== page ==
‘The government is trying to ensure that the corporate sector gets some relief and we don’t go into recession’

In this <B>Idea Exchange</B> moderated by <B><font color="#cc000">Subhomoy Bhattacharjee</font></B>,<B>Deputy Executive Editor</B> of <B>The Financial Express</B>,<B>Minister of Company Affairs</B> <B><font color="#cc000">Premchand Gupta</font></B> talks of the new Companies Bill and the Satyam scandal

Published: January 18, 2009 4:23:11 am

Subhomoy Bhattacharjee: Tell us about the new Companies Bill that you have worked on and any other major initiatives you’ve taken.

Premchand Gupta: In a changed global scenario,unless we encourage our corporate sector we cannot create new jobs and wealth; unless we provide a level playing field for them to grow,we will not have jobs for our youth. We are a young nation,with millions of trained,untrained youth looking for jobs every year. So the first thing we did was to make a revision of the Companies Act. The present Act was enacted in 1956. It was amended 25 times. We realised we need a comprehensive new Companies Act. For that,I initiated a consultative process. I decided to appoint a committee headed by Dr. JJ Irani. I didn’t have any government representative on this committee except for representatives from the Reserve Bank of India which is mandatory. Based on the recommendations,I introduced a new bill in Parliament during the winter session.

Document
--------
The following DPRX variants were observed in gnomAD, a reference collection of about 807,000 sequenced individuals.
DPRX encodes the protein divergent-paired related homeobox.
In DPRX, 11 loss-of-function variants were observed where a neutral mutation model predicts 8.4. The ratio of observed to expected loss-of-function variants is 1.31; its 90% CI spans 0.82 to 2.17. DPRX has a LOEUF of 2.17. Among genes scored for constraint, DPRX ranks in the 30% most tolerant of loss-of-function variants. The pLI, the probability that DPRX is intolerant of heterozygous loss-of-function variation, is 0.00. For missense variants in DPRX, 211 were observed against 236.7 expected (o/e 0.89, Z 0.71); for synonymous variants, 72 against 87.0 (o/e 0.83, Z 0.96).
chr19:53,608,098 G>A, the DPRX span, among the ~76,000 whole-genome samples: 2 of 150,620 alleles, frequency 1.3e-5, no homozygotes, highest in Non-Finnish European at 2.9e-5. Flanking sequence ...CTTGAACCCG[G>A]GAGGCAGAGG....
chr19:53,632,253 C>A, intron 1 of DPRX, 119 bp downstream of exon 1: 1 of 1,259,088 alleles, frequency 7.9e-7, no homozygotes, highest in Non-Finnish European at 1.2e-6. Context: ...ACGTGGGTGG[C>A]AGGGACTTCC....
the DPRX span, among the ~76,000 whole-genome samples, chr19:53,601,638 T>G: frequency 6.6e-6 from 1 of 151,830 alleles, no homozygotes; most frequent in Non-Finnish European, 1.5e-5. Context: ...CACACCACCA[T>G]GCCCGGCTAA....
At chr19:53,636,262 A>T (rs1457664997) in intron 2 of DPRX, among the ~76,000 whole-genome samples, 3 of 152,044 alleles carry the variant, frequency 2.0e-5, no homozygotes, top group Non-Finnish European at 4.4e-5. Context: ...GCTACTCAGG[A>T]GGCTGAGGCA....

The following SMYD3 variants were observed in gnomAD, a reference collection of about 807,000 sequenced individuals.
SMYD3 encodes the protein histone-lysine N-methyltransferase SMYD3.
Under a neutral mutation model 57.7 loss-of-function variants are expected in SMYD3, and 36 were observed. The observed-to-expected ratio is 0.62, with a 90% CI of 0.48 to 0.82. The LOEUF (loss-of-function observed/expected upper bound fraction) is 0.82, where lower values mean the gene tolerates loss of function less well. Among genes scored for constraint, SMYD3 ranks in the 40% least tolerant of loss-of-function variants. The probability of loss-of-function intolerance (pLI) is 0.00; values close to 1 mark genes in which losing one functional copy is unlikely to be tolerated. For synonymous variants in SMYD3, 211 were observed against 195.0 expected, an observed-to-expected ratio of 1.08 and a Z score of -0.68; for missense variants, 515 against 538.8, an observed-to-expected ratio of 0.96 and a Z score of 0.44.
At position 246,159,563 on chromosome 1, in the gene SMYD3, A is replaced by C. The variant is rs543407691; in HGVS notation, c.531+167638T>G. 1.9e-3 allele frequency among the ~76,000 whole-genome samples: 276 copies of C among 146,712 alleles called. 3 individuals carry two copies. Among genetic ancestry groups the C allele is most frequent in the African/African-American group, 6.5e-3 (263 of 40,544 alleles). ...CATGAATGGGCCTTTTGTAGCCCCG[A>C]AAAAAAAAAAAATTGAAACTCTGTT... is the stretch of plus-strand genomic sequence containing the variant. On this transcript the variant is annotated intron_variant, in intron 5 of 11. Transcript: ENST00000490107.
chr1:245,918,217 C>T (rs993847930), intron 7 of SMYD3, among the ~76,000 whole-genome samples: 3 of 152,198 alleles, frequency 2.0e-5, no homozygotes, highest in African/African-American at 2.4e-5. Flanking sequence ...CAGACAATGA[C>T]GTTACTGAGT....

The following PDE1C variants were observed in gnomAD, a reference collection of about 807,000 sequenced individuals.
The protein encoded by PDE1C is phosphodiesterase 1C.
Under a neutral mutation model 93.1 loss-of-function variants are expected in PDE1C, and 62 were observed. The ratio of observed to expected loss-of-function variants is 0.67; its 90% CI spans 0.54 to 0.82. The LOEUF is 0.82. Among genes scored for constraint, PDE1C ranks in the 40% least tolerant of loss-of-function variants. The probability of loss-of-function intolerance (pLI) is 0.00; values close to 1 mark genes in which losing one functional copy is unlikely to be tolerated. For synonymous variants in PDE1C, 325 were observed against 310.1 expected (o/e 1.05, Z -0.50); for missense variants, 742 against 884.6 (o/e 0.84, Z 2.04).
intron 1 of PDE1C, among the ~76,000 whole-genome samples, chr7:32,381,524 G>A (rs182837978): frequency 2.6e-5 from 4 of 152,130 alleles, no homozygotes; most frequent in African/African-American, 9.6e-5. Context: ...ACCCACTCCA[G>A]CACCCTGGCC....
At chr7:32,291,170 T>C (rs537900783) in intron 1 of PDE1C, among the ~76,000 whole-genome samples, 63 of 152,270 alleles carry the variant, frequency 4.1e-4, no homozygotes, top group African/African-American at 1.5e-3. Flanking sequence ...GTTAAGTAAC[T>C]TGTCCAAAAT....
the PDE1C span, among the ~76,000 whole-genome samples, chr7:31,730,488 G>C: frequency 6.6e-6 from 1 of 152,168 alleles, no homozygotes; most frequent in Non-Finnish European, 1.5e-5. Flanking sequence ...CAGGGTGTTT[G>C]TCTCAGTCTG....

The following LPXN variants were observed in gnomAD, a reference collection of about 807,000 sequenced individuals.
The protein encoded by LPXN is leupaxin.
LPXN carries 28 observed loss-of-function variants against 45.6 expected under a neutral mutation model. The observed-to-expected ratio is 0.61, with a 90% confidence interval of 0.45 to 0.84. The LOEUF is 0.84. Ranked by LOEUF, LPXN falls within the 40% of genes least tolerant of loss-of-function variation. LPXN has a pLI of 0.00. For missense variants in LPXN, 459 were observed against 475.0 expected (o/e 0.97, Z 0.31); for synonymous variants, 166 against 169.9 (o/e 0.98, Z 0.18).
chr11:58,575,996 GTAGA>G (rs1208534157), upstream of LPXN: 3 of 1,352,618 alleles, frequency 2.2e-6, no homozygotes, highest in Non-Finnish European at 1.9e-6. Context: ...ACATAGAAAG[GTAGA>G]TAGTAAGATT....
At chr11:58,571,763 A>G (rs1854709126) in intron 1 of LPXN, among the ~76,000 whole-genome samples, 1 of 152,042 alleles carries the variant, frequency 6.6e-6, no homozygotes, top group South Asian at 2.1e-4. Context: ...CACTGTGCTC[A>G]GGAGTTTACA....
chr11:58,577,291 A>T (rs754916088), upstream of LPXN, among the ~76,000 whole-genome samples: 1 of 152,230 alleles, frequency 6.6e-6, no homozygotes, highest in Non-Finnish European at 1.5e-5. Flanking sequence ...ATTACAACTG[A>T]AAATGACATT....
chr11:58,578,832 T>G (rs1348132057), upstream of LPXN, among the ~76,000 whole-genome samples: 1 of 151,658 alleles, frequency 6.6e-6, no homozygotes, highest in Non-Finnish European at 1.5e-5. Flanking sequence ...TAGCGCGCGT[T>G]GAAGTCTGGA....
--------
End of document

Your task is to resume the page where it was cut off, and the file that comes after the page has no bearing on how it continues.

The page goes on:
This new Companies Bill is a very good piece of legislation once it is approved. It is a simplified Companies Bill; if any adjustment is required then it can be done through notification. In the current Act,there are limitations and for every small thing one has to go to Parliament for approval. We have also decided there will be no limitation in the number of partners in the partnership firms. So the new Limited Liability Partnership (LLP) Bill was cleared by Parliament. Now there can be multifarious activities under the LLP umbrella. Chartered accountants,company secretaries,lawyers,cost accountants and others can all come together as partners. The present system doesn’t permit a chartered accountant to have a company secretary as a partner.

Again,unless we have a better delivery system,our working won’t improve. We have introduced the concept of MCA 21. Until the interface of officers with the corporate sector is reduced to nil,there can be no improvement in the system. The formation of a company used to take three months,now it can be done in 48 hours. And if states agree,a company can be formed in two hours—that is,if the stamp duty issue is resolved.

Neha Pal: After the Satyam scandal,how does the government plan to prevent such kinds of frauds in the future?

The government is looking into the role of regulators and of regulations. Whatever action was required has been taken by our ministry. I think we have reacted swiftly. I cannot share the report of the Registrar of Companies; all I can say is that on the basis of that,the government has asked the Serious Fraud Investigation Office to probe into this matter. Please be patient.